Postmodern Theory And Karl Marx Essay Research

Postmodern Theory And Karl Marx Essay, Research Paper

Postmodern Theory and Karl MarxThe emergence of postmodernism stands as the most important paradigmatic change of the past half-century. In providing a critique of positivism and macrotheory, postmodernism has established an intellectual tradition that has challenged a variety of intellectual viewpoints, most notably Marxism. By arguing for subjectivism and analysis, leading postmodern thinkers have instituted a theoretical and practical shift away from the once dominant Marxist tradition. For traditional Marxist thinkers, this shift has necessitated a reestablishment of thought regarding the fundamental structure of theory, the construction of discourse, the theoretical approach to social phenomena, and the nature of reality. Through an examination of the debate between traditional Marxist thought and the thought of the postmodernists, many of the ramifications of the recent shift dealing with theoretical considerations, both inside and outside of Marxism, can be seen. For Karl Marx and traditional Marxists, microtheory, does not ultimately address the needs of a historical model of change. Relevant social theory, for Marx, gives primacy to the macrosphere, dealing with major socio-historical change. The employment of philosophical materialism in this setting separates him from postmodern thought, as Marx affirms a necessary connection between the material conditions of existence and the content of individual cognition, a more positivistic assertion. Ultimately, Marx argues for an “soft” economic determinism, asserting that the socio-political institutions and abstractions addressed by postmodernism form a superstructure, primarily contingent upon activity in the economic sphere, though able to effect change within it. This can be seen in Marx’s argument that: The ideas of the ruling class are in every epoch the ruling ideas: the class which is the ruling material force of society, is at the same time its ruling intellectual force. The class which has the means of material production at its disposal, has control at the same time over the means of mental production, so that thereby, generally speaking, the ideas of those who lack the means of mental production are subject to it .Central to Marxist theory is the notion of ideological control by the dominant class, implementing a framework that supports “the ideal expression of the dominant material relationships” . The postmodern construction of power, in this sense, deviates from the Marxist viewpoint through a definition of “truth” as an exertion of power, attempting to restrict and subvert the “plurality of discourses” existing in society, identifying “truth” in the same light as the Marxist conceptualization of “ideology”. For Marxists, the “social construction of reality” misidentifies the nature of social construction and ignores the relationship between material circumstance and discourse. Marxist theory seeks to explore discourse in the context of philosophical materialism, dealing with both the nature of truth, and the creation of discourse in society.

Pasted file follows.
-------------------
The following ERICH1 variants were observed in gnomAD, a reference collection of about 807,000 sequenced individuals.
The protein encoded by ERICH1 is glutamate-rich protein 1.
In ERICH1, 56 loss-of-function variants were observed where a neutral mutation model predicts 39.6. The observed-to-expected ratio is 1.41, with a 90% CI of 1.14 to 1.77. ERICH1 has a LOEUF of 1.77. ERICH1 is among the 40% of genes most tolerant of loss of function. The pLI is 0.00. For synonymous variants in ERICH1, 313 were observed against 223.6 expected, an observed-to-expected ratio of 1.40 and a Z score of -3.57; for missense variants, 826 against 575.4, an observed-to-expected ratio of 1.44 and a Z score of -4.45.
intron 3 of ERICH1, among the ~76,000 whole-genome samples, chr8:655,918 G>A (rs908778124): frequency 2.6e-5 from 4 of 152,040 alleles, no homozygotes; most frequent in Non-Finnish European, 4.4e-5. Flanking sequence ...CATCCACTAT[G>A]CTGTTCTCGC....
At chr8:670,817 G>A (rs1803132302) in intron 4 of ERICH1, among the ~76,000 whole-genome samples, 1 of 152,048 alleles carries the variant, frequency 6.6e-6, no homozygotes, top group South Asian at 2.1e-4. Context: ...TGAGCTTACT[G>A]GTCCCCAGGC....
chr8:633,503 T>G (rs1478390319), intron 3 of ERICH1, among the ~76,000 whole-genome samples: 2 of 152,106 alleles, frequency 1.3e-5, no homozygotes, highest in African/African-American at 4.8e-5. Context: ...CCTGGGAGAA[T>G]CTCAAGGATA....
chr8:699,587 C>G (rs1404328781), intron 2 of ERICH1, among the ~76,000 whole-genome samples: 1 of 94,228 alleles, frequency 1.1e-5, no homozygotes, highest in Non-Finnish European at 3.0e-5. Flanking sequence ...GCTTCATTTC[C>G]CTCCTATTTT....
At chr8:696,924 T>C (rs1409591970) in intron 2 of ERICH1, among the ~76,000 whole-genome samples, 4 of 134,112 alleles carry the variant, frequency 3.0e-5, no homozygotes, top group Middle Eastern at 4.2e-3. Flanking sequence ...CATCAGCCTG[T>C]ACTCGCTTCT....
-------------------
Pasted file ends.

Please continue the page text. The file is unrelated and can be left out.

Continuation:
This inability to relate social phenomena to material circumstance limits the ability of postmodernism to describe social patterns. While postmodernists ultimately identify elements that exist throughout society, they fail to identify principles to explain either their meaning or their ubiquity. For traditional Marxists, the existence of general social patterns allows for the construction of a historical model of change, tracing an evolution through four stages of development: primitive communism, antique slavery, feudalism, and capitalism . The historical model of “class struggle” provides a basis for studying social transformation, a study leading to the development of an economic “crisis theory” supporting the eventual emergence of socialist and communist political states. Ultimately, while postmodernism attempts to deconstruct macrotheoretical models, it fails to account for phenomena of social change the models were constructed to analyze. The relationship between postmodernism and Marxism has been a largely antagonistic one, creating great debate over the viability of macrotheory and global discourse. The critique of the Marxist paradigm has provided great insight into the limitations of traditional Marxist thought. Despite this, many of the views of Karl Marx and his intellectual heirs remain justifiable, effectively addressing the advent of postindustrial society. The revision and clarification of Marxist doctrine fueled by the challenge of postmodernism also, however, underscores many of the limitations of postmodern theory, including the need for more attention to broad social movements. Ultimately, both Marxism and postmodernism allow for great insight into the nature of theory, discourse, and their relationship to society.


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